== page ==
The Ceo of the center, Rodney B. Jones, said it means a lot the governor chose the center to spread the message of affordable health care.
Jones said it’s a place where people with or without insurance can get quality health care.
He said, “It’s important that everyone has the ability to get quality affordable healthcare regardless of his or her insurance status.”
Jones said the federal and state-funded health care center’s mission is to help under-served families in urban and rural communities in 69 zip codes in Pittsburgh and surrounding areas.
Wolf said, “Access to quality health care is really important. It’s the right thing to do and I’ve been fighting to expand access to health care since I took office. That’s why one of the first things I did was to expand Medicaid.”
Two programs were the focus of the celebration, Pennie and Medicaid. Pennie is the official health insurance marketplace for Pennsylvania where people can apply for financial help to lower the cost of monthly premiums and out-of-pocket costs for health insurance. Pennie also helps people find out what savings they qualify for from the American Rescue Plan.
“Now with Pennie, we are evolving to a point where we are casting a broader net to ensure that everyone gets affordable health care,” said Jones.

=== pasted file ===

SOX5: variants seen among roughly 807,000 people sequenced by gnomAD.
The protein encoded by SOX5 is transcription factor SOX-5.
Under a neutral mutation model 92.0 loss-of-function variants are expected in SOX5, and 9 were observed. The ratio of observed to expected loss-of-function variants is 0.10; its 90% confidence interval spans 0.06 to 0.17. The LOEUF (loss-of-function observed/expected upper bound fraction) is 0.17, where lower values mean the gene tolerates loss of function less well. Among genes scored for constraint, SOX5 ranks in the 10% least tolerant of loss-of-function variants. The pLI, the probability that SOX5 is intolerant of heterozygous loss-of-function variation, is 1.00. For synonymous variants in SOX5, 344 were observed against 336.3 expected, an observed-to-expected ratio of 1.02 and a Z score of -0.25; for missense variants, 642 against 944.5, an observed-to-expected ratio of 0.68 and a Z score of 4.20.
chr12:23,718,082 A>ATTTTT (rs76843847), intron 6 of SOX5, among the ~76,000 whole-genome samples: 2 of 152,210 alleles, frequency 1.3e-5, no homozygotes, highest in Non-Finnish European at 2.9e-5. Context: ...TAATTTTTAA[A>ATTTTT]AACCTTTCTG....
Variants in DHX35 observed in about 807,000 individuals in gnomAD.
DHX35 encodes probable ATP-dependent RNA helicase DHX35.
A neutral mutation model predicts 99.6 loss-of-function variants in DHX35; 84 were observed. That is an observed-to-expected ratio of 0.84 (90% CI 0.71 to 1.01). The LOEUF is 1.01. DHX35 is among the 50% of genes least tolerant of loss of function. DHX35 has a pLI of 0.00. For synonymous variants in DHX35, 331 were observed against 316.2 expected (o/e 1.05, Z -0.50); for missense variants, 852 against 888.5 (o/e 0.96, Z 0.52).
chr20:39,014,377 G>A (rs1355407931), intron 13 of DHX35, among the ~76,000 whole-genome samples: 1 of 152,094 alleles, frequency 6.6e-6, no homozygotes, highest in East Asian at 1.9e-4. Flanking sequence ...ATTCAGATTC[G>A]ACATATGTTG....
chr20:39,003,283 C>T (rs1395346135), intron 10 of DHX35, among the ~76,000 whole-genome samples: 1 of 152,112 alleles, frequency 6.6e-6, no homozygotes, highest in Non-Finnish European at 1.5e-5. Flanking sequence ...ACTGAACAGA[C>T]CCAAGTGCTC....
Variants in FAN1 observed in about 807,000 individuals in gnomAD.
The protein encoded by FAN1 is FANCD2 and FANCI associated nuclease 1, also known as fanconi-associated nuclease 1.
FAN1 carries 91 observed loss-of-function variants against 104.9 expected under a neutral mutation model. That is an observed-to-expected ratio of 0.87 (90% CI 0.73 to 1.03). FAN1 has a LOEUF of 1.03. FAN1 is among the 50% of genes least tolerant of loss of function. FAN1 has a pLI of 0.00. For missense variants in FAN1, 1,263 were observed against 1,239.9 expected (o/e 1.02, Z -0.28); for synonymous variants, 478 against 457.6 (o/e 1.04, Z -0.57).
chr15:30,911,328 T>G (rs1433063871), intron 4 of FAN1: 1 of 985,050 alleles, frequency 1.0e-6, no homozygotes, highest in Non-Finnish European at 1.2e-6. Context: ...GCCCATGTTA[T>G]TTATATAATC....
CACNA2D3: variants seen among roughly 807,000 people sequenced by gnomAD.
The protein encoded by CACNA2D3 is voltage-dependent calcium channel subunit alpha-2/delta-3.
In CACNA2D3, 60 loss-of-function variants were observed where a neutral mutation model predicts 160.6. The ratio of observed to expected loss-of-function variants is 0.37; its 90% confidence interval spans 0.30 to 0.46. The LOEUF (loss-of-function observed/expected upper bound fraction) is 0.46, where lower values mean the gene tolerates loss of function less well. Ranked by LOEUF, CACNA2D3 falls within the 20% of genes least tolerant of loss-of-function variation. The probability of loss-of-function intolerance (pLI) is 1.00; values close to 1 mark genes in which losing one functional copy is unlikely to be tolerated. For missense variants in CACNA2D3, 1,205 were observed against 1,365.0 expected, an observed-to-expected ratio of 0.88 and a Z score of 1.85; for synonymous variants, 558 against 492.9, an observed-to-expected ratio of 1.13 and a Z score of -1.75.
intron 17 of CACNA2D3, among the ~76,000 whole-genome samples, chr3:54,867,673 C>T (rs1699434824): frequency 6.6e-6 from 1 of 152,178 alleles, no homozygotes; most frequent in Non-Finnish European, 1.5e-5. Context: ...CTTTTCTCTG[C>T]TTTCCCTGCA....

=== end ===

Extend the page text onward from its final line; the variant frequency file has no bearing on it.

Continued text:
Medicaid is a federal and state program to help with healthcare costs. Lauren Stuparitz, who is a recipient, said without these programs, her family couldn’t afford care and it’s very important to take care of yourself, especially during a pandemic.
She said, “Assurance of having health care helps me feel more stable, secure and confident that I can take care of my family, that I can do things that are meaningful in life.”
The governor said he wants all people to understand what their options are when it comes to health care and to make the best choice for their families.
On Feb. 8, Gov. Tom Wolf (D-York) held a press conference to reaffirm his belief in increasing the minimum wage in Pennsylvania, and outlined a plan that would incrementally raise minimum wage to $15 an hour, from its current rate of $7.25 an hour.
At his press conference, Wolf emphasized that $7.25, which a press release called “embarrassingly low,” can no longer be considered a livable wage, as the cost of food, gas, housing, and other essential services have gone up. Pennsylvania’s minimum wage was last increased in 2009, when the federal minimum wage requirement increased.
“Too many essential workers are earning poverty wages while putting themselves at risk to keep our society running,” said Wolf in a press release. “They keep food on shelves, move crucial supplies, take care of our children, and support people with disabilities. And thousands of them earn poverty wages. These hardworking people deserve better. They deserve a living wage.”
The governor’s proposal will call for increasing the personal income tax rate from 3.07% to 4.49%.
The reported budget plan follows a statement Tuesday in which Wolf’s office said 67% of Pennsylvania taxpayers would see tax cuts or have their taxes stay the same under his plan to cut costs for working class households while raising billions to invest in education and “workforce development.”